11 September 2015

A victory for the Puritans

Is saying something “agrees with you” actually the same as saying “it will do you lots of good”? That’s what a German law court thinks and in its verdict on 25 August 2015 prohibited a small brewery from using the word “bekömmlich” (“agreeable” and derived from the toast “wohl bekomm’s”) on its beer bottles.

Funnily, the Härle brewery from Leutkirch near the German Alps, has been praising its beers for nearly 80 years as “bekömmlich”. Every German knows what it means: it’s agreeable and does not upset your tummy.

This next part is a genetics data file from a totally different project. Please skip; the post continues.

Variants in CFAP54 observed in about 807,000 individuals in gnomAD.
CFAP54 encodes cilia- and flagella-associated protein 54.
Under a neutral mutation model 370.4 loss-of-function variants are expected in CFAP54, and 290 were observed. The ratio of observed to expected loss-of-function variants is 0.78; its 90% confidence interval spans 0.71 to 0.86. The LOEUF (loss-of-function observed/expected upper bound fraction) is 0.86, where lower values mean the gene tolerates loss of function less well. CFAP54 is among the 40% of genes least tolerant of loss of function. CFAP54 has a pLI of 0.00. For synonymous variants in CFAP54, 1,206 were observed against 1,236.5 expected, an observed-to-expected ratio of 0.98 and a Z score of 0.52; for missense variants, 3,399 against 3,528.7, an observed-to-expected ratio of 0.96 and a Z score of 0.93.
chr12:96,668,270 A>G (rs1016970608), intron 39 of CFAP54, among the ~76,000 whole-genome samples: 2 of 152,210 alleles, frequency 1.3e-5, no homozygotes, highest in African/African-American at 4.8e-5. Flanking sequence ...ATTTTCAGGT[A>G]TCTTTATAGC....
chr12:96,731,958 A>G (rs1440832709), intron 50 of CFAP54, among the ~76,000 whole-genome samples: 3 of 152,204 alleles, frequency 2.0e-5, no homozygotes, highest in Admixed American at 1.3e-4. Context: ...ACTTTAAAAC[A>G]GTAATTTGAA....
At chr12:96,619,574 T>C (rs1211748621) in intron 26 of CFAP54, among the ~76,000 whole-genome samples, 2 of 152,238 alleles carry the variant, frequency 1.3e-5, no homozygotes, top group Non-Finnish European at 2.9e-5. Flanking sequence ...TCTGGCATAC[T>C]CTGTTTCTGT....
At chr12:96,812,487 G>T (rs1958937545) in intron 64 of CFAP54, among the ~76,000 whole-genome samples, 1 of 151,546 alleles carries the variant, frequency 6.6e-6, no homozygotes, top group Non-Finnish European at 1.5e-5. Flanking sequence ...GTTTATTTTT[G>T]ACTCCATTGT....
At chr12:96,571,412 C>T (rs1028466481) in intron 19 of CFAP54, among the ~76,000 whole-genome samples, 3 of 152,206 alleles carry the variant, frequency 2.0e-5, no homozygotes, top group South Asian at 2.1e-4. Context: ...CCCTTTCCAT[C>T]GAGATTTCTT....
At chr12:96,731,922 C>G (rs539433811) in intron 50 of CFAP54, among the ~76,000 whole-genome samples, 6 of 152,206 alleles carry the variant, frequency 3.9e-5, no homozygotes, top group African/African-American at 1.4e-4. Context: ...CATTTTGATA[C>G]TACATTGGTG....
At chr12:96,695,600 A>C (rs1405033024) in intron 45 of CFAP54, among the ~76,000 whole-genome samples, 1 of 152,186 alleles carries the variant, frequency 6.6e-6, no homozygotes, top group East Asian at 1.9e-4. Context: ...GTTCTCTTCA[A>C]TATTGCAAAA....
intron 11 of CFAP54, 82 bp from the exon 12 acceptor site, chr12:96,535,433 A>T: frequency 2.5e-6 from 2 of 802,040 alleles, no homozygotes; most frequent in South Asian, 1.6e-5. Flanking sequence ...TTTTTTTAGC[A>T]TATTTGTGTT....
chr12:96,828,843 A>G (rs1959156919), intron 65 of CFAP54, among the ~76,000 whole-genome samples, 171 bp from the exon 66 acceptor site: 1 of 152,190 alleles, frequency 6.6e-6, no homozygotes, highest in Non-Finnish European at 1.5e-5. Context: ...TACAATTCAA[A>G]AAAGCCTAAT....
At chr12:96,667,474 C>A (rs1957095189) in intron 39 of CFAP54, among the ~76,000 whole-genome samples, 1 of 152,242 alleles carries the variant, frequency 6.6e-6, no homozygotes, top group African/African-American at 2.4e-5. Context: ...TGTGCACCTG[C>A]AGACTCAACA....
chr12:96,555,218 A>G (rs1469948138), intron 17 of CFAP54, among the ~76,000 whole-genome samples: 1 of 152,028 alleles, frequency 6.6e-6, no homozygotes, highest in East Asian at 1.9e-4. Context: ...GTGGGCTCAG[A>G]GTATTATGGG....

However, the brewery’s traditional moniker does not take into account EU law. In 2012 the European Court of Justice forbade the use of “bekömmlich” in connection with alcoholic beverages because the term, in the judges’ view, implies that the beverage has health benefits – which cannot be the case if the beverage has more than 1.2 percent ABV.

Gottfried Härle, the brewery’s owner, probably could have gone on using the moniker had not a Berlin club called “Verband Sozialer Wettbewerb” (“Association for Social Competition) succeeded in getting an injunction which declares the brewery’s use of “bekömmlich” taboo.

Mr Härle said he will file an appeal. And according to local media, he will engage pupils to paint over the word “bekömmlich” on tens of thousands of beer bottles. Would it not have been more “bekömmlich” if the unspeakable EU law were blackened?

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